Advertisement
 

Anthrax Teamwork Is a Struggle

RESPONSE TO TERROR

November 10, 2001|CHARLES ORNSTEIN | TIMES HEALTH WRITER

WASHINGTON — After a colony of anthrax bacteria was found growing in a mail bin at the Princeton, N.J., post office last month, the FBI and public health agencies couldn't settle on which group should take environmental swabs.

So they both did. And the state's public health laboratory was forced to process two batches of samples to be reviewed by two agencies instead of one batch in a combined effort.

"We used our samples to make public health decisions," explained Dr. George T. DiFerdinando Jr., the state's acting health and senior services commissioner. "They can hold onto their samples if they need to go to court."

Critics say it was just another day in the national anthrax probe, with public safety and public health officials proceeding down separate tracks, unable or unwilling to collaborate on basic tasks.

The five-week investigation has been "a bureaucratic snafu of the first order," said Sen. Max Cleland (D-Ga.). "Any time you have two government agencies, it's like two pretty sisters--you always compete."

In this case, however, the usual bureaucratic competition has been heightened by a clash of cultures between law enforcement and public health. The two sides often approach their jobs in opposite--or at least very different--ways. Each has distinct habits and styles.

The FBI, police and prosecutors tend to keep information secret to win a conviction at trial. Public health authorities, by contrast, tend to share every detail they know, hoping to prevent diseases from spreading and treat people already infected.

Publicly, the sides say they are getting along remarkably well as they scramble to investigate 17 anthrax infections, four of them fatal.

"I think it's working out better and we're working to improve it," Health and Human Services Secretary Tommy G. Thompson said last week, calling the reported differences between health and law enforcement officials "completely blown out of proportion."

But several instances in the last five weeks show a tenuous relationship marked by duplication of effort, delays, communication breakdowns and missed opportunities.

Consider:

* The FBI sent virulent anthrax samples taken from the office of Senate Majority Leader Tom Daschle (D-S.D.) last month to a military lab in Maryland rather than to the Centers for Disease Control and Prevention's lab in Atlanta. As a result, public health officials learned of the results later than criminal investigators. Confusion over the meaning of the results led to further delays.

Two postal workers employed at the Brentwood mail processing facility, which handles most of the federal government's mail in Washington, died of inhalation anthrax before they could be treated. If officials had moved more quickly and prescribed antibiotics to the Brentwood employees, the two men might have been saved, critics of the operation say.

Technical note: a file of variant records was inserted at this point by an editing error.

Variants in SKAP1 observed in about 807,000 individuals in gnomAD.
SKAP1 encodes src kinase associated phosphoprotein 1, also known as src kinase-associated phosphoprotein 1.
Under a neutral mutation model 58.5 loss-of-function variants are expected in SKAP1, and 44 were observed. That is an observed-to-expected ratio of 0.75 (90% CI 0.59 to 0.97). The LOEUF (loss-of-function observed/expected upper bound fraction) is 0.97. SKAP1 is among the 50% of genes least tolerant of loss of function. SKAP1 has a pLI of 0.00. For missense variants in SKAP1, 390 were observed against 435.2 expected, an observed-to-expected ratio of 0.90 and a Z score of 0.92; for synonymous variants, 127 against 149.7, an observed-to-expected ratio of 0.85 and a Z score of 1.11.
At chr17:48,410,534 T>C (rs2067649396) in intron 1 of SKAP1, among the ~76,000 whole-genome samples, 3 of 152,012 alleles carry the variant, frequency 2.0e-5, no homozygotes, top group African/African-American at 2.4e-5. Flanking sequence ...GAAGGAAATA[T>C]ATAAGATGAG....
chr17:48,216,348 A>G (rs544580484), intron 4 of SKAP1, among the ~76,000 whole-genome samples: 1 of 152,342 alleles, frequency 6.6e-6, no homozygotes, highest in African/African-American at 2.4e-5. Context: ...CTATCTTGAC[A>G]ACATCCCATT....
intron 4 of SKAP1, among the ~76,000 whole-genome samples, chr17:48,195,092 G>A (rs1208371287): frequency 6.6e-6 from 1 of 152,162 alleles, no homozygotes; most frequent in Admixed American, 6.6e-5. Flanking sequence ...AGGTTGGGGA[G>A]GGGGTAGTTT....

"You can see where the Postal Service and the postal workers fell through the bureaucratic cracks here," Cleland said.

* The New Jersey health department was forced to take its own environmental swabs at a post office in Ewing, N.J., because the military lab hadn't processed the FBI samples from the same location after two weeks. The swabs came back negative.

* The FBI didn't notify New York City health officials of a suspicious letter sent to NBC News until after the city learned of a network employee's possible anthrax skin infection from a private doctor.

* District of Columbia health officials learned from the news media about anthrax spores found in the mail rooms of several federal agencies.

"Had law enforcement and medical epidemiology been connected, I think we would have been in a better position to anticipate a problem," said Dr. Larry Siegel, senior deputy director of the District of Columbia Department of Health.

"If you're talking about information sharing, there is a disconnect. . . . I don't think we've had the kind of coordinated response to this that should be in place."

* When the FBI took over the investigation of the first anthrax death, in Florida, press briefings by public health officials halted. The law enforcement agency, seeking to protect the integrity of its investigation, urged health officials to keep mum, which stopped the flow of information about anthrax precautions and risks to a worried public, Cleland said.

"When it took the criminal bent and FBI took over, there really was no public health message out there," said Dr. Jean Malecki, director of the Palm Beach County health department. Without assessing blame, she said: "The public health message has got to be No. 1, no matter what bent an investigation takes."

FBI officials say they are not free to share all the information they collect, but they do pass along anything that may have a bearing on public health, including the results of anthrax swabbing.

Advertisement
Los Angeles Times Articles
|
|
|